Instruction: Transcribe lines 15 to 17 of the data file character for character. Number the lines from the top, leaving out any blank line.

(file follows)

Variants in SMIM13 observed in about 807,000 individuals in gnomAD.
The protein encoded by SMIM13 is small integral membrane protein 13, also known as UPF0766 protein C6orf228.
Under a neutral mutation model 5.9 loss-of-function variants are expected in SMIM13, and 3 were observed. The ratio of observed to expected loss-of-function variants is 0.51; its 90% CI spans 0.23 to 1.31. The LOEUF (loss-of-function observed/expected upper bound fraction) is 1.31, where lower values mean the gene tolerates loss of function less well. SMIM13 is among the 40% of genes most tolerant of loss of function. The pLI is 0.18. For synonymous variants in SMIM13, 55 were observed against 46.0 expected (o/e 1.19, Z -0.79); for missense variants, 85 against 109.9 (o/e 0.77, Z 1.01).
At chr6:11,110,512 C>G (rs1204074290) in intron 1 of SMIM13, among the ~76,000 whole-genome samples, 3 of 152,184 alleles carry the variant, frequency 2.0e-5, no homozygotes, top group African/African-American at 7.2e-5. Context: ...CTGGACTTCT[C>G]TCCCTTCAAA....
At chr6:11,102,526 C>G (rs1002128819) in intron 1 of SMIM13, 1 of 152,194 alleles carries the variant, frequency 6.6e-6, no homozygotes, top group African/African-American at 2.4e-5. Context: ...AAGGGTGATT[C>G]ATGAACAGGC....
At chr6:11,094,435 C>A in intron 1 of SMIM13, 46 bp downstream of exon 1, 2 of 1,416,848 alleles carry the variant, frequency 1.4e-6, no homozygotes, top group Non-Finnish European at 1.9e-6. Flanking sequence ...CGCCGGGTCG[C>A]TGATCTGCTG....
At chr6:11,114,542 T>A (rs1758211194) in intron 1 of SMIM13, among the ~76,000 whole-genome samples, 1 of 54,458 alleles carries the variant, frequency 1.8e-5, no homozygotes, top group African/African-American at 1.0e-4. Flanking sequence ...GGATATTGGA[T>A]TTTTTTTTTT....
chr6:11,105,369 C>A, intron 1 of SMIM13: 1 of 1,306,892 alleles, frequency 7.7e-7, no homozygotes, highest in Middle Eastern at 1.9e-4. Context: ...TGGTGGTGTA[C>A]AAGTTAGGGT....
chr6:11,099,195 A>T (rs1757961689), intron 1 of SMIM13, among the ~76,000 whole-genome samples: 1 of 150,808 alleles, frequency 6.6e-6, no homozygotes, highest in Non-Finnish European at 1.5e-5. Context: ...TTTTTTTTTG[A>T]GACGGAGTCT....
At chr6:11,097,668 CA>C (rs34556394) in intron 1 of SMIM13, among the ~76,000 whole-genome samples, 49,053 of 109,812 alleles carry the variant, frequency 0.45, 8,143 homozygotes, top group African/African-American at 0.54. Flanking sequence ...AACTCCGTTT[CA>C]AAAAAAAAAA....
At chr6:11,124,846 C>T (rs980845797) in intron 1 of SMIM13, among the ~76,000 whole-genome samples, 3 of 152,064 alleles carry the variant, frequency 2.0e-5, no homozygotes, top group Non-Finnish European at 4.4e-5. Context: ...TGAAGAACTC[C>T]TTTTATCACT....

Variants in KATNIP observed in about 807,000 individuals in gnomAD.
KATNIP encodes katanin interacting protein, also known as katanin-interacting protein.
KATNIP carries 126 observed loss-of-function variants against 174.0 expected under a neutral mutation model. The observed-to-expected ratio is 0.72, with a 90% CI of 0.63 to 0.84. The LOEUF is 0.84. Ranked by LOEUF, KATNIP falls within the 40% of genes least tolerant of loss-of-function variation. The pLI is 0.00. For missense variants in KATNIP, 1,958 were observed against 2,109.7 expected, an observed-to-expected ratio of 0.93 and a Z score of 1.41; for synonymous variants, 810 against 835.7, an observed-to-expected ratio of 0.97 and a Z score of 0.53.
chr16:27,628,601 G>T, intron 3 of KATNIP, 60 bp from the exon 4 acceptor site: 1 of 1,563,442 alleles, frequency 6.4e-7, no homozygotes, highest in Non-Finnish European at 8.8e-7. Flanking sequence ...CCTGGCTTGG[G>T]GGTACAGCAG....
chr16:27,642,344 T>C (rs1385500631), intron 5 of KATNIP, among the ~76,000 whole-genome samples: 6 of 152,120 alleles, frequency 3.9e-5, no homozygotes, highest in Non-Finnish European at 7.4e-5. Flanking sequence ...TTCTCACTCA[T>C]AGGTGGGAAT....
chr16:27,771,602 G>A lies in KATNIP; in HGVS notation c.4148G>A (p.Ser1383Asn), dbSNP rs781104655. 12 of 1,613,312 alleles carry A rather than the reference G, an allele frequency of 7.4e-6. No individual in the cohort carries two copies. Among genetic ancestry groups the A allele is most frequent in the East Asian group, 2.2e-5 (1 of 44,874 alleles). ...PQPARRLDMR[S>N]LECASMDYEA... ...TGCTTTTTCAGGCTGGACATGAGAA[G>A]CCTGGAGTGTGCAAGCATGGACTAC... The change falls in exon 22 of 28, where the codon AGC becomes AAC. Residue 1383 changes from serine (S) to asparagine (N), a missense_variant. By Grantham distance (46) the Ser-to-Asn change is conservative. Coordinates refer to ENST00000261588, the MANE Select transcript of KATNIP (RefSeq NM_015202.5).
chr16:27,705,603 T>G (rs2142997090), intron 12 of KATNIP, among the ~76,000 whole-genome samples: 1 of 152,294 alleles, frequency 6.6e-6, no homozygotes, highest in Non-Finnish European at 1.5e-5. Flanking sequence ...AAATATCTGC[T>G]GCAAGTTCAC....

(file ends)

chr16:27,628,601 G>T, intron 3 of KATNIP, 60 bp from the exon 4 acceptor site: 1 of 1,563,442 alleles, frequency 6.4e-7, no homozygotes, highest in Non-Finnish European at 8.8e-7. Flanking sequence ...CCTGGCTTGG[G>T]GGTACAGCAG....
chr16:27,642,344 T>C (rs1385500631), intron 5 of KATNIP, among the ~76,000 whole-genome samples: 6 of 152,120 alleles, frequency 3.9e-5, no homozygotes, highest in Non-Finnish European at 7.4e-5. Flanking sequence ...TTCTCACTCA[T>C]AGGTGGGAAT....
chr16:27,771,602 G>A lies in KATNIP; in HGVS notation c.4148G>A (p.Ser1383Asn), dbSNP rs781104655. 12 of 1,613,312 alleles carry A rather than the reference G, an allele frequency of 7.4e-6. No individual in the cohort carries two copies. Among genetic ancestry groups the A allele is most frequent in the East Asian group, 2.2e-5 (1 of 44,874 alleles). ...PQPARRLDMR[S>N]LECASMDYEA... ...TGCTTTTTCAGGCTGGACATGAGAA[G>A]CCTGGAGTGTGCAAGCATGGACTAC... The change falls in exon 22 of 28, where the codon AGC becomes AAC. Residue 1383 changes from serine (S) to asparagine (N), a missense_variant. By Grantham distance (46) the Ser-to-Asn change is conservative. Coordinates refer to ENST00000261588, the MANE Select transcript of KATNIP (RefSeq NM_015202.5).